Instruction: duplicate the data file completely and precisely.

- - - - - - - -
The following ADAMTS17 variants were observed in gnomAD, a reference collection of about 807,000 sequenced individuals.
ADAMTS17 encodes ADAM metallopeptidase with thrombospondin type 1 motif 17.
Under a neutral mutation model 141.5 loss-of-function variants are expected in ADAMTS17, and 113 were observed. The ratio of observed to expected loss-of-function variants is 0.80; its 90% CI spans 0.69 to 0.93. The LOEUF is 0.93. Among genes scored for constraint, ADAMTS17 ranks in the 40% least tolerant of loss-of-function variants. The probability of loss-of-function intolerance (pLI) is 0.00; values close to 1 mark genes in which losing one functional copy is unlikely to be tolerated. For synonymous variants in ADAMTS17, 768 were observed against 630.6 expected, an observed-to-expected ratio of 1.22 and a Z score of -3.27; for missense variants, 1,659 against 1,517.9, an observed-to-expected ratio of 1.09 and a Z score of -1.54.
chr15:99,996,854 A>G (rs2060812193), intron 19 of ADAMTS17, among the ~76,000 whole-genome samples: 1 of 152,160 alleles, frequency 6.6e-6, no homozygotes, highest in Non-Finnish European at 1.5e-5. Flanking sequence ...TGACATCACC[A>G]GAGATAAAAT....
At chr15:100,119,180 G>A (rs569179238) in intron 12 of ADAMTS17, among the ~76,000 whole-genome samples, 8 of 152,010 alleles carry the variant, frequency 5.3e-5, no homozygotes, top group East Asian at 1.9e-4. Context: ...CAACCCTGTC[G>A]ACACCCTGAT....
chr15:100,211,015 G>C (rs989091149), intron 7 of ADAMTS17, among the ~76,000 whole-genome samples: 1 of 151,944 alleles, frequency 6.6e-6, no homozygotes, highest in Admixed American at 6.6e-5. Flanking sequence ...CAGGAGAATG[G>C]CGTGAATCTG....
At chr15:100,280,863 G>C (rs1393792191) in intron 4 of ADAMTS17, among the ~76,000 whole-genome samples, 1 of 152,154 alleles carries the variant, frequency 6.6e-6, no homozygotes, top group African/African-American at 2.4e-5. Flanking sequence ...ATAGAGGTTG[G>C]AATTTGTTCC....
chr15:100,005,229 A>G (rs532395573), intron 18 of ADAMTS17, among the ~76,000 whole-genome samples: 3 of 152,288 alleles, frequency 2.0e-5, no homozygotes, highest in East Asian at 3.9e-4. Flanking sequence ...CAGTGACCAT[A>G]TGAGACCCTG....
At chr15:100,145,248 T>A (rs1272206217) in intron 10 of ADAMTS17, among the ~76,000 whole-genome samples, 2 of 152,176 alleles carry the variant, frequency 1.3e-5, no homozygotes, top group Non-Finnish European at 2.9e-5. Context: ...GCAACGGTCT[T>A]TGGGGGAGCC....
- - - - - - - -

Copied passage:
The following ADAMTS17 variants were observed in gnomAD, a reference collection of about 807,000 sequenced individuals.
ADAMTS17 encodes ADAM metallopeptidase with thrombospondin type 1 motif 17.
Under a neutral mutation model 141.5 loss-of-function variants are expected in ADAMTS17, and 113 were observed. The ratio of observed to expected loss-of-function variants is 0.80; its 90% CI spans 0.69 to 0.93. The LOEUF is 0.93. Among genes scored for constraint, ADAMTS17 ranks in the 40% least tolerant of loss-of-function variants. The probability of loss-of-function intolerance (pLI) is 0.00; values close to 1 mark genes in which losing one functional copy is unlikely to be tolerated. For synonymous variants in ADAMTS17, 768 were observed against 630.6 expected, an observed-to-expected ratio of 1.22 and a Z score of -3.27; for missense variants, 1,659 against 1,517.9, an observed-to-expected ratio of 1.09 and a Z score of -1.54.
chr15:99,996,854 A>G (rs2060812193), intron 19 of ADAMTS17, among the ~76,000 whole-genome samples: 1 of 152,160 alleles, frequency 6.6e-6, no homozygotes, highest in Non-Finnish European at 1.5e-5. Flanking sequence ...TGACATCACC[A>G]GAGATAAAAT....
At chr15:100,119,180 G>A (rs569179238) in intron 12 of ADAMTS17, among the ~76,000 whole-genome samples, 8 of 152,010 alleles carry the variant, frequency 5.3e-5, no homozygotes, top group East Asian at 1.9e-4. Context: ...CAACCCTGTC[G>A]ACACCCTGAT....
chr15:100,211,015 G>C (rs989091149), intron 7 of ADAMTS17, among the ~76,000 whole-genome samples: 1 of 151,944 alleles, frequency 6.6e-6, no homozygotes, highest in Admixed American at 6.6e-5. Flanking sequence ...CAGGAGAATG[G>C]CGTGAATCTG....
At chr15:100,280,863 G>C (rs1393792191) in intron 4 of ADAMTS17, among the ~76,000 whole-genome samples, 1 of 152,154 alleles carries the variant, frequency 6.6e-6, no homozygotes, top group African/African-American at 2.4e-5. Flanking sequence ...ATAGAGGTTG[G>C]AATTTGTTCC....
chr15:100,005,229 A>G (rs532395573), intron 18 of ADAMTS17, among the ~76,000 whole-genome samples: 3 of 152,288 alleles, frequency 2.0e-5, no homozygotes, highest in East Asian at 3.9e-4. Flanking sequence ...CAGTGACCAT[A>G]TGAGACCCTG....
At chr15:100,145,248 T>A (rs1272206217) in intron 10 of ADAMTS17, among the ~76,000 whole-genome samples, 2 of 152,176 alleles carry the variant, frequency 1.3e-5, no homozygotes, top group Non-Finnish European at 2.9e-5. Context: ...GCAACGGTCT[T>A]TGGGGGAGCC....